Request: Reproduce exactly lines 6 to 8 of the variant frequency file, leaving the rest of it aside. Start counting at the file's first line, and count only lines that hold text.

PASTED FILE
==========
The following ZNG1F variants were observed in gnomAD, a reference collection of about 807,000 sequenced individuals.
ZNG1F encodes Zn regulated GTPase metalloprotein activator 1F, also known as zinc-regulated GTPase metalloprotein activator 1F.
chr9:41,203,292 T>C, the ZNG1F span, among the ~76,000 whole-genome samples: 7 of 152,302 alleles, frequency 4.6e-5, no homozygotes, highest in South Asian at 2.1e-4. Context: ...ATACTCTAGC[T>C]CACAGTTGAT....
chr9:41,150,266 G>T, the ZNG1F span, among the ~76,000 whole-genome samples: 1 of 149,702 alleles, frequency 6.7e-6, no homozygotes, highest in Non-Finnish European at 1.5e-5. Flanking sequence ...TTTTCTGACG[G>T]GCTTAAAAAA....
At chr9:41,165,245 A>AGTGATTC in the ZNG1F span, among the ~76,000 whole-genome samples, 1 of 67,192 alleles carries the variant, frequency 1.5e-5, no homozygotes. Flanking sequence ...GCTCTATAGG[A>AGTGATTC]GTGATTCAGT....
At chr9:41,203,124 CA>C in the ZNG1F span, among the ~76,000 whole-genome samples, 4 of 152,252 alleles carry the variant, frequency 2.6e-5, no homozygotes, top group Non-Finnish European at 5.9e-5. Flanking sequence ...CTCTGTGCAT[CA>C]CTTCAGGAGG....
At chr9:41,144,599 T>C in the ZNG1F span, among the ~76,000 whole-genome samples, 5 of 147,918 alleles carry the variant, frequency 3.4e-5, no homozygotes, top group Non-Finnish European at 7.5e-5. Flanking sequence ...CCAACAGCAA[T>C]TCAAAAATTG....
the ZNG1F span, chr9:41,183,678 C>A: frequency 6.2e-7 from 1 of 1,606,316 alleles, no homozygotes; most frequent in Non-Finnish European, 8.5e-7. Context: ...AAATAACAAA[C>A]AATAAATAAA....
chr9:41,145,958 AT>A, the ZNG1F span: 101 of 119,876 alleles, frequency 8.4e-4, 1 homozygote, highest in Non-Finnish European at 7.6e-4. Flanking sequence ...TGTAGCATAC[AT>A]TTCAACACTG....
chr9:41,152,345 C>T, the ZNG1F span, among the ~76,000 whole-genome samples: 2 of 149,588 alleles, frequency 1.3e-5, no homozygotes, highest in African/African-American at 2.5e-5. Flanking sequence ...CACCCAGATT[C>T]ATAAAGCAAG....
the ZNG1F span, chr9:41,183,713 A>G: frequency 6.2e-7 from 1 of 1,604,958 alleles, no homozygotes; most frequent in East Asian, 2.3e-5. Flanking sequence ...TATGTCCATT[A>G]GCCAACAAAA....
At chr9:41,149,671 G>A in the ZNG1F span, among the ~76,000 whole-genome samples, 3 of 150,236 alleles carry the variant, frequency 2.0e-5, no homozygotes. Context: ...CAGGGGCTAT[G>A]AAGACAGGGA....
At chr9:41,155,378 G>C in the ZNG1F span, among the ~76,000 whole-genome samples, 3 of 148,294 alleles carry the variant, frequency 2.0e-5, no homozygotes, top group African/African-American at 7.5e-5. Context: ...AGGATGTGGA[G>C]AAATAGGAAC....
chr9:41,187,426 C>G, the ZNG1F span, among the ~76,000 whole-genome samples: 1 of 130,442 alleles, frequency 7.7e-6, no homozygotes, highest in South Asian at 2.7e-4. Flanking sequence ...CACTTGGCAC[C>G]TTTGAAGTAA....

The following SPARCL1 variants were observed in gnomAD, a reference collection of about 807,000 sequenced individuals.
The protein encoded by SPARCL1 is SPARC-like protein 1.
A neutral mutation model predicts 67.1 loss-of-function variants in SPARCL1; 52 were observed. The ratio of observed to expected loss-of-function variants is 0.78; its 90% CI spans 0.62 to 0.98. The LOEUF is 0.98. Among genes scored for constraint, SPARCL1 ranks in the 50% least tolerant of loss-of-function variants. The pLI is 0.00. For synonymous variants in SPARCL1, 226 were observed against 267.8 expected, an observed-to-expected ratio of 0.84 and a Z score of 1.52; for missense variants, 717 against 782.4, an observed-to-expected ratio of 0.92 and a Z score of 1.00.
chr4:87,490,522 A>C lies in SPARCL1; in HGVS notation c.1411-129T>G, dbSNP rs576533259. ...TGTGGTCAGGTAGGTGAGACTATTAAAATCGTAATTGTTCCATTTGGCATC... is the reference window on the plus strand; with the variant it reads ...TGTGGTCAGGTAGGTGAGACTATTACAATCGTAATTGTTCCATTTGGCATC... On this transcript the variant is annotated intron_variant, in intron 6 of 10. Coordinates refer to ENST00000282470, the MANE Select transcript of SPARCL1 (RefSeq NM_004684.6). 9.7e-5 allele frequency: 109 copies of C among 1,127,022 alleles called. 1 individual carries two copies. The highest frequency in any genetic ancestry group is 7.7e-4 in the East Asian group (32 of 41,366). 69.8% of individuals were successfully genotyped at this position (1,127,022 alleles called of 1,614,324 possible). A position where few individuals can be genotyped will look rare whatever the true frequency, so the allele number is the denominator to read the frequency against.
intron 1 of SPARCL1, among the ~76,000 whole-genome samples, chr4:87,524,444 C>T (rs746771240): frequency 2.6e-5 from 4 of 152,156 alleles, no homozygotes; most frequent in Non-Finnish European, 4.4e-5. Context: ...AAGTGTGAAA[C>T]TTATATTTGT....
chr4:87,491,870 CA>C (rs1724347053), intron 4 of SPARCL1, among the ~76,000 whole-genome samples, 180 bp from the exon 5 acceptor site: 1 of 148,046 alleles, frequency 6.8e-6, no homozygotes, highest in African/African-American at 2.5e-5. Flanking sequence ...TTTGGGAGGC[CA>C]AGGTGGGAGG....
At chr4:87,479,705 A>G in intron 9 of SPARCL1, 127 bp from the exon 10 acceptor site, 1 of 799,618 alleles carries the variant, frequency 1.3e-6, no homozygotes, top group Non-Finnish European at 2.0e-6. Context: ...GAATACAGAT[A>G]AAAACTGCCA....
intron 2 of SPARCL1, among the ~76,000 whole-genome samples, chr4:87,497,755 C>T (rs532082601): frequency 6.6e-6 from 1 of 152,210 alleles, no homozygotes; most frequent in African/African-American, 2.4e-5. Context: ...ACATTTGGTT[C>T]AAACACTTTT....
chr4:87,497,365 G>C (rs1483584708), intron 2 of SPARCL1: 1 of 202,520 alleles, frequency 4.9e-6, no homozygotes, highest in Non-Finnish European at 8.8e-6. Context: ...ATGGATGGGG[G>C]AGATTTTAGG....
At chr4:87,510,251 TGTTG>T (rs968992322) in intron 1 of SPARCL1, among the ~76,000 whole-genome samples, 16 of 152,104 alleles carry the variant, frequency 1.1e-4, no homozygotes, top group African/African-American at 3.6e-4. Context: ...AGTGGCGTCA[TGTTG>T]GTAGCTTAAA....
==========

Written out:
At chr9:41,203,124 CA>C in the ZNG1F span, among the ~76,000 whole-genome samples, 4 of 152,252 alleles carry the variant, frequency 2.6e-5, no homozygotes, top group Non-Finnish European at 5.9e-5. Flanking sequence ...CTCTGTGCAT[CA>C]CTTCAGGAGG....
At chr9:41,144,599 T>C in the ZNG1F span, among the ~76,000 whole-genome samples, 5 of 147,918 alleles carry the variant, frequency 3.4e-5, no homozygotes, top group Non-Finnish European at 7.5e-5. Flanking sequence ...CCAACAGCAA[T>C]TCAAAAATTG....
the ZNG1F span, chr9:41,183,678 C>A: frequency 6.2e-7 from 1 of 1,606,316 alleles, no homozygotes; most frequent in Non-Finnish European, 8.5e-7. Context: ...AAATAACAAA[C>A]AATAAATAAA....